• Second, Traffic Manager uses an internal map to do the IP address to geographic region translation. While this map is validated and updated on an ongoing basis to increase its accuracy and account for the evolving nature of the internet, there's still the possibility that our information isn't an exact representation of the geographic location of all the IP addresses.

Does an endpoint need to be physically located in the same region as the one it's configured with for geographic routing?

No, the location of the endpoint imposes no restrictions on which regions can be mapped to it. For example, an endpoint in US-Central Azure region can have all users from India directed to it.

Can I assign geographic regions to endpoints in a profile that isn't configured to do geographic routing?

Yes, if the routing method of a profile isn't geographic, you can use the Azure Traffic Manager REST API to assign geographic regions to endpoints in that profile. For non-geographic routing type profiles, this configuration is ignored. If you change such a profile to geographic routing type at a later time, Traffic Manager can use those mappings.

Why am I getting an error when I try to change the routing method of an existing profile to Geographic?

All the endpoints under a profile with geographic routing need to have at least one region mapped to it. To convert an existing profile to geographic routing type, you first need to associate geographic regions to all its endpoints using the Azure Traffic Manager REST API before changing the routing type to geographic. If using portal, first delete the endpoints, change the routing method of the profile to geographic and then add the endpoints along with their geographic region mapping.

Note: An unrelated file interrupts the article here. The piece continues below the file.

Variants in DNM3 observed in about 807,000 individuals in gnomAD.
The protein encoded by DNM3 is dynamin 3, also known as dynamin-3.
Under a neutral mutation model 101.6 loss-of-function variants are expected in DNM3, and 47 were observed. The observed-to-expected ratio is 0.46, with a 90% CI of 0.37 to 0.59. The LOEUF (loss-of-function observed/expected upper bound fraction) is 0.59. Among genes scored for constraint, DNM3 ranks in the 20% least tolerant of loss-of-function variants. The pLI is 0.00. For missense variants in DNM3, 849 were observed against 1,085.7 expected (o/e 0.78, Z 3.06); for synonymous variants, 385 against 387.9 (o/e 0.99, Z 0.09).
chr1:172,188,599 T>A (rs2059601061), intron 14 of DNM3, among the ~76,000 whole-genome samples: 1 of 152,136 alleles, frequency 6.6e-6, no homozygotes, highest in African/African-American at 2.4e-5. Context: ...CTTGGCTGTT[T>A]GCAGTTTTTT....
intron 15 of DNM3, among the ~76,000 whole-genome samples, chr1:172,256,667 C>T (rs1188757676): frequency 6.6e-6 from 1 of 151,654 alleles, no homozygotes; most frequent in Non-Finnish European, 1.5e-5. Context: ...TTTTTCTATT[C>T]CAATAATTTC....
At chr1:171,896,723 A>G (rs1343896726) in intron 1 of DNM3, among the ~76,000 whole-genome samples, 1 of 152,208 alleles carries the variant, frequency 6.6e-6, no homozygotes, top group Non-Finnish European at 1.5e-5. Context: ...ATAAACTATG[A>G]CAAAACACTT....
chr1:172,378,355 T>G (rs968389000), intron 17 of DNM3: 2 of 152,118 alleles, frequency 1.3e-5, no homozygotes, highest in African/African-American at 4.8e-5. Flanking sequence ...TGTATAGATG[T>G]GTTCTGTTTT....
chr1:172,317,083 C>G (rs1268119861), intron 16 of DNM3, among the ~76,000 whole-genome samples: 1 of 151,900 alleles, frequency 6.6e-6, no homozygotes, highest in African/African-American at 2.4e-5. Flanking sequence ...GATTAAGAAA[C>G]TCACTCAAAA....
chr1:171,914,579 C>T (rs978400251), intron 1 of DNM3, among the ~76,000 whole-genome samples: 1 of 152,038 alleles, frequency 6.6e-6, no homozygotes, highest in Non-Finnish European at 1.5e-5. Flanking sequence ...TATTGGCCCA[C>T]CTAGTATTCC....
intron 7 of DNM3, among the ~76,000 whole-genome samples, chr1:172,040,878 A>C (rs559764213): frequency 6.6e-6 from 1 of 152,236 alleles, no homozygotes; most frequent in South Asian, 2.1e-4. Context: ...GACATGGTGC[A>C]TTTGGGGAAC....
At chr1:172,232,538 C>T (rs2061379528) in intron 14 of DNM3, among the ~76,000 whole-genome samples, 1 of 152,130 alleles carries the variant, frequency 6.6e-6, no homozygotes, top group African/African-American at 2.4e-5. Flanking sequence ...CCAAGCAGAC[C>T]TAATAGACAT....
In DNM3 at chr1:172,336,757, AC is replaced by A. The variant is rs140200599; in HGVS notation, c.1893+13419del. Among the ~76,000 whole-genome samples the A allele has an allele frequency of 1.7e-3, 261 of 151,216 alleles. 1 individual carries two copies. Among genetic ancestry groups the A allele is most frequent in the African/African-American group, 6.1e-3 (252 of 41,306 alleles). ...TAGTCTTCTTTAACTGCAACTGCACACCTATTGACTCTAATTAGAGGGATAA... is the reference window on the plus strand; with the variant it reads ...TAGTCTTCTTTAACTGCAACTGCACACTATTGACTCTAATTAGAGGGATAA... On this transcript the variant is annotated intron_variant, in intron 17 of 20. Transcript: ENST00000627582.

A region can be assigned to only one endpoint within a profile if it's using the geographic routing method. If that endpoint isn't a nested type with a child profile attached to it, if that endpoint going unhealthy, Traffic Manager continues to send traffic to it since the alternative of not sending any traffic isn't any better. Traffic Manager doesn't fail over to another endpoint, even when the region assigned is a "parent" of the region assigned to the endpoint that went unhealthy (for example, if an endpoint that has region Spain goes unhealthy, we don't fail over to another endpoint that has the region Europe assigned to it). This is done to ensure that Traffic Manager respects the geographic boundaries that a customer has setup in their profile. To get the benefit of failing over to another endpoint when an endpoint goes unhealthy, it's recommended that geographic regions be assigned to nested profiles with multiple endpoints within it instead of individual endpoints. In this way, if an endpoint in the nested child profile fails, traffic can fail over to another endpoint inside the same nested child profile.

Are there any restrictions on the API version that supports this routing type?